Tales of Little People Histoires de petites gens

Djibril Diop Mambéty / Senegal, Switzerland, France / 91 min / Slovene subtitles, Wolof / 10+

A hymn to the courage of street children and a whimsical fable, full of hope and humanity.

written by Djibril Diop Mambéty, produced by Silvia Voser (Waka Films), Cephéide Productions, Maag Daan

The Little Girl Who Sold the Sun La petite vendeuse de soleil 
1999, 45 min

A young girl Sili lives on the streets of Dakar with her blind grandmother. While all the boys around her sell newspapers, Sili must beg for her daily subsistence. But she is determined to change things around. Starting tomorrow, she will sell newspapers just like the boys. 

Le franc Le franc 
1994, 46

When his formidable landlady confiscates his beloved musical instrument, the kongoma, as ransom for unpaid rent, the penniless musician Marigo gets hold of a lottery ticket and dreams of a better future. To keep the ticket safe, he glues it to the back of his door. On the day of the draw, lady luck shines on Marigo. His is the winning ticket. But it is glued to the door… 

The project Histoires de petites gens was to include three medium-length films that together would form a feature film, one film being shot per year: Le franc in 1994, La petite vendeuse de soleil in 1995 and L’apprenti voleur in 1996. Unfortunately, Mambéty only completed up to the first cut of La petite vendeuse de soleil, which producer Silvia Voser finished in 1999, a year after his death.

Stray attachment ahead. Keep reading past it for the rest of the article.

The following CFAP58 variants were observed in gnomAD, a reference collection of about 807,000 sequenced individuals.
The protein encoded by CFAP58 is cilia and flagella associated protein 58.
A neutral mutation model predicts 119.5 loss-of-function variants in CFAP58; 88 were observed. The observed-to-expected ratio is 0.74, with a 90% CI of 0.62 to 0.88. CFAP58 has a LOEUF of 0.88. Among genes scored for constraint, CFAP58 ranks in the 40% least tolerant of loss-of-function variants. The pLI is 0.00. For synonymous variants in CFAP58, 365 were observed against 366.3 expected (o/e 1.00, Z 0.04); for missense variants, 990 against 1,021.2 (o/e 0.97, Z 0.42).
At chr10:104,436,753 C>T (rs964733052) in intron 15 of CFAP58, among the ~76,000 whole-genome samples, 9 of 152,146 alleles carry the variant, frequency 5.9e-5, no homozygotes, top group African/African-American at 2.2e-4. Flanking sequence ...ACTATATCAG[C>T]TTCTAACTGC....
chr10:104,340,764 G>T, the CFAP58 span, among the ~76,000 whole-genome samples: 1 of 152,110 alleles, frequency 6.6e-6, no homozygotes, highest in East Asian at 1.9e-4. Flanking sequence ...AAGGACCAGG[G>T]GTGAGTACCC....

“I am interested in marginalized people, because I believe that they do more for the evolution of a community than the conformists. Marginalized people bring a community into contact with a wider world. /…/ I do not want to remain forever pessimistic. That is why I have fished out cases where man, taken individually, can defeat money. Think of Le franc. The hero of the film is going crazy because of a lottery ticket, but he manages to hold on because he has the power of dreaming. In La petite vendeuse de Soleil, all the protagonist wants is to sell her magazines, but money comes to subvert her plan. A rich man comes along, and a magazine that should cost 5 francs is sold for 500 francs. Thus, the rich man creates a problem, but she manages to escape this problem, because she dreams of something better.”
– Djibril Diop Mambéty, Transition

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